As denoted by the asterisks, six of those 26 teams made the playoffs, four of them in the Wild Card era, which raises the question as to why this should be something that's more common recently. The reason may have to do with the increasing load being carried by bullpens. Back in 2009, I studied the history of Pythagorean overachievers for Baseball Prospectus and found that teams most likely to exceed their expected records tended to have bullpens that ranked among the league's best. The focus in that study was on what BP calls third-order Pythagorean records, that is, records adjusted for expected runs scored and allowed, and the quality of opposition, as well as a measure of bullpen effectiveness that the site has since rendered obsolete.
Intuitively, the principle makes sense, however. We often talk of teams that over- or underperform their projected records as "lucky" or "unlucky," but it's a misnomer to chalk up the entirety of such discrepancies to luck. They generally stem from an irregular distribution of runs. "Randomness" may be a better term, but there's often a method to the madness, in that overachieving teams tend to win most of the close games — the ones where narrow leads are protected by a team's best relievers — but get blown out a few times, in games where the team's worst pitchers are most likely to be deployed.
The Orioles fit that pattern almost to a tee. They have the league's third-best bullpen ERA at 3.16, though that mark is offset somewhat by their league-high 36 percent rate of allowing inherited runners to score. Their Fair Run Average, which divides up the responsibility for inherited runners between starters and relievers according to the base-out situation, ranks fifth in the league at 4.18.
What's remarkable is that the Orioles are an astounding 21-6 in one-run games, producing the highest winning percentage (.778) in such games since 1901. The 1970 Orioles hold the record for the best winning percentage over the course of a 162-game season at .727 (40-15), though that mark was bettered by the 1981 Orioles (.750 at 21-7 in a strike-shortened season) and 1908 Pirates (.733 at 33-12 in a 154-game season).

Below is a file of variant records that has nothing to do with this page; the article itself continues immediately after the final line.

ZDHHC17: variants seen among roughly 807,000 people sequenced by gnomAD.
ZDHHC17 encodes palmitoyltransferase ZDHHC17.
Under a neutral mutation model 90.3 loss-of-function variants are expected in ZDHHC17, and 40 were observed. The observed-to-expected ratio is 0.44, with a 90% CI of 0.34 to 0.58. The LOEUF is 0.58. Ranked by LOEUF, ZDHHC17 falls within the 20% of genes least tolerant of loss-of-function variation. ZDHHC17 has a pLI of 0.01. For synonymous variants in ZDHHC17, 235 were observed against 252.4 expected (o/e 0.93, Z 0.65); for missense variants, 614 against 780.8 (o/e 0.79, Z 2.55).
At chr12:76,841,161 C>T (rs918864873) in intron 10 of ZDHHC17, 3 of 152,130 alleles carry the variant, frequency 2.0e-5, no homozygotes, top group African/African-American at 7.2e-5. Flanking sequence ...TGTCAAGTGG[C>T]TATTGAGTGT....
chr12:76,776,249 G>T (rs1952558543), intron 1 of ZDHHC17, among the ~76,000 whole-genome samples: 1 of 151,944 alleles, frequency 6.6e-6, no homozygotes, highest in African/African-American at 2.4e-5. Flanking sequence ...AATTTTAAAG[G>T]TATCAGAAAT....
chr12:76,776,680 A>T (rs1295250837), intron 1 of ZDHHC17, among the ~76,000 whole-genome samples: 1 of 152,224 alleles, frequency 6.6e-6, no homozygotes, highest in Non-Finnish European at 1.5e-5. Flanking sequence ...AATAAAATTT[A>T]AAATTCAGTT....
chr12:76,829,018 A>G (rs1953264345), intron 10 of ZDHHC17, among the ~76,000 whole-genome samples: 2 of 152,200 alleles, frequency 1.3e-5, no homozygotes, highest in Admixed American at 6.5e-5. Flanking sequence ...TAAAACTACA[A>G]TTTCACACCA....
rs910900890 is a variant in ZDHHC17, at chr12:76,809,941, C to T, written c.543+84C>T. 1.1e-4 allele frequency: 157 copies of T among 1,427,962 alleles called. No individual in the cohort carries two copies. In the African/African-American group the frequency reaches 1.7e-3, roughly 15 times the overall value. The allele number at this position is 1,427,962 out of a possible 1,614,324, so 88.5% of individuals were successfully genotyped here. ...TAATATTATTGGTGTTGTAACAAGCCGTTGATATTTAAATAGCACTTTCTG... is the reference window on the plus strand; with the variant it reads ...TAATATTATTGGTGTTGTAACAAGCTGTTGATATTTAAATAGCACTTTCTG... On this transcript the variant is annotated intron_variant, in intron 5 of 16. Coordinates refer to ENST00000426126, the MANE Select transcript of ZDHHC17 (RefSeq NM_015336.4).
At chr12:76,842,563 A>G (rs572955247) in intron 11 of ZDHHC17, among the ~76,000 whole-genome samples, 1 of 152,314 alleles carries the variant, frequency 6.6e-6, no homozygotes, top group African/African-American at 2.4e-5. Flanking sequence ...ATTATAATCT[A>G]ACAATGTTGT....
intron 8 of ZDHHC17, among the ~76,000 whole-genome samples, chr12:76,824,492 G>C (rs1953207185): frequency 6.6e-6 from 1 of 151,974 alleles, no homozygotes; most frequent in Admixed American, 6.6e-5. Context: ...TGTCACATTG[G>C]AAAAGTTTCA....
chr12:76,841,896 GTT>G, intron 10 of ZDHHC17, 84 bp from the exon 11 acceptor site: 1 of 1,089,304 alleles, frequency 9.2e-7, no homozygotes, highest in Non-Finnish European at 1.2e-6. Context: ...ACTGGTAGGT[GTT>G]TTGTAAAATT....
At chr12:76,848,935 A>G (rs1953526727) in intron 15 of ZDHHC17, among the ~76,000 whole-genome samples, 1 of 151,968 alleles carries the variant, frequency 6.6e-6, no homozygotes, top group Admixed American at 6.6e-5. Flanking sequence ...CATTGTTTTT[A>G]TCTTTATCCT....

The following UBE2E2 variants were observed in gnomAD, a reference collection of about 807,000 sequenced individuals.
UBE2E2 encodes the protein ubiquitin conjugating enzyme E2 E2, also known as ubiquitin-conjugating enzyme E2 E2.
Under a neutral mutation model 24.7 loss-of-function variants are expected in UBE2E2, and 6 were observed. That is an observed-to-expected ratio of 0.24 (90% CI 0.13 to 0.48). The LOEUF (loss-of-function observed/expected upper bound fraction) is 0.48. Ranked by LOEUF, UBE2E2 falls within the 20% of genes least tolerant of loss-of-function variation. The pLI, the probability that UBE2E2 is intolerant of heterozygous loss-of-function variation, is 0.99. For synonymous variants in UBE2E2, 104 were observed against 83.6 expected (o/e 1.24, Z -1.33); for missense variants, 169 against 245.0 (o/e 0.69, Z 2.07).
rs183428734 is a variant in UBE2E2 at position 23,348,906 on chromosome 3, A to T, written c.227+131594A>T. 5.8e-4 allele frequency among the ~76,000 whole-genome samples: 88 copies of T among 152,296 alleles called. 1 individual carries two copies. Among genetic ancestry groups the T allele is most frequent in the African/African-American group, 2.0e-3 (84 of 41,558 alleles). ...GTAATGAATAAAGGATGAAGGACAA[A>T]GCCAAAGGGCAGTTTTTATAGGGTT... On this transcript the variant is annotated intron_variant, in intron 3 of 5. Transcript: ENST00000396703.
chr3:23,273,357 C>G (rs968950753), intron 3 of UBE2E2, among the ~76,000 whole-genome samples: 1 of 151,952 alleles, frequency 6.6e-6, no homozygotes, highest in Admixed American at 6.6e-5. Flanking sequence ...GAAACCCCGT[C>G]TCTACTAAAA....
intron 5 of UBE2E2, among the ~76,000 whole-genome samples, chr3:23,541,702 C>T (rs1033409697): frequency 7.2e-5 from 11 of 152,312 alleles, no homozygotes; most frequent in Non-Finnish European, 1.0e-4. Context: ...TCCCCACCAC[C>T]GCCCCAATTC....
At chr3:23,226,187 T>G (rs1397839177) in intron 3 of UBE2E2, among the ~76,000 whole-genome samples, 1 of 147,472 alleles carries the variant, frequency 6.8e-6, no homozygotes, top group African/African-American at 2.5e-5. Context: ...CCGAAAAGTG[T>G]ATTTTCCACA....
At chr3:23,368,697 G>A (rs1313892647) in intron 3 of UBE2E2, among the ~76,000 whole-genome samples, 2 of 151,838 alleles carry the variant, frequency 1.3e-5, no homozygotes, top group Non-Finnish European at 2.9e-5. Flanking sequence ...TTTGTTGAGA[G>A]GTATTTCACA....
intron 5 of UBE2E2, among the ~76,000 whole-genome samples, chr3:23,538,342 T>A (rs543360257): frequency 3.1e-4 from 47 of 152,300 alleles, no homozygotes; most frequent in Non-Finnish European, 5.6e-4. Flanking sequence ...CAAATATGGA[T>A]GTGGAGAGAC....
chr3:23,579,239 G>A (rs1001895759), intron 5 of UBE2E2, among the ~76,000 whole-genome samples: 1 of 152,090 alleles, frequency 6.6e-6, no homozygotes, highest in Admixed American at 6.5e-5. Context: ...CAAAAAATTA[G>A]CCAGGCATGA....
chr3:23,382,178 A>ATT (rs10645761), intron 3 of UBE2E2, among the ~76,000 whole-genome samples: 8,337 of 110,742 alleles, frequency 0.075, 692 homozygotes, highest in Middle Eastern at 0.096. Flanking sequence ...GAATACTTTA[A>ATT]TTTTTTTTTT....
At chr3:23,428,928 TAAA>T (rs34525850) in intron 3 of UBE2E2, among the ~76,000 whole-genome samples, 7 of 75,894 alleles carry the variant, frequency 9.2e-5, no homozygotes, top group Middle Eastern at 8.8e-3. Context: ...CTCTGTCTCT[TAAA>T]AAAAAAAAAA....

Furthermore, these Orioles are an MLB-best 36-17 (.679) in one- and two-run games, with a winning percentage that would rank 12th since 1901. They're 19 games above .500 in a subset of games in which they have outscored opponents by just 23 runs; their Pythagorean winning percentage in such games is .552, meaning that they've won about seven more games than expected in that subset. Meanwhile, they're 13-19 in games decided by at least five runs, six games below .500 in a subset in which they've been outscored by 54 runs; even there, they've won about one-and-a-half more games than expected via their Pythagorean record. No other team with a winning record this season has a sub-.500 record in such blowouts, and in fact, one has to go back to the aforementioned 2007 Diamondbacks to find a team that lost more blowouts than they've won and still made the playoffs. Those Diamondbacks went 20-26 (.435) in such games while being outscored by 62 runs, compared to 47-29 (.618) in games decided by two-runs or fewer, and 32-20 (.615) in games decided by one run. Even given the strong performance of their best relievers — at 3.47, closer Jim Johnson has a higher ERA than setup men Pedro Strop (1.31), Luis Ayala (2.68) and Darren O'Day (2.68) — the weight of the historical evidence strongly suggests that the Orioles aren't likely to keep winning the close ones with such frequency. If they can't win the close ones, the O's aren't likely to remain in the crowded playoff hunt, or even sustain a winning record; indeed, after a 14-9 April, they've gone a combined 43-42 since then, while being outscored by 69 runs. Even so, while run differential is predictive, it is not destiny, and the Birds' ability to even maintain a competitive front given the imbalance between their runs scored and runs allowed is one of those fascinating anomalies that bears watching.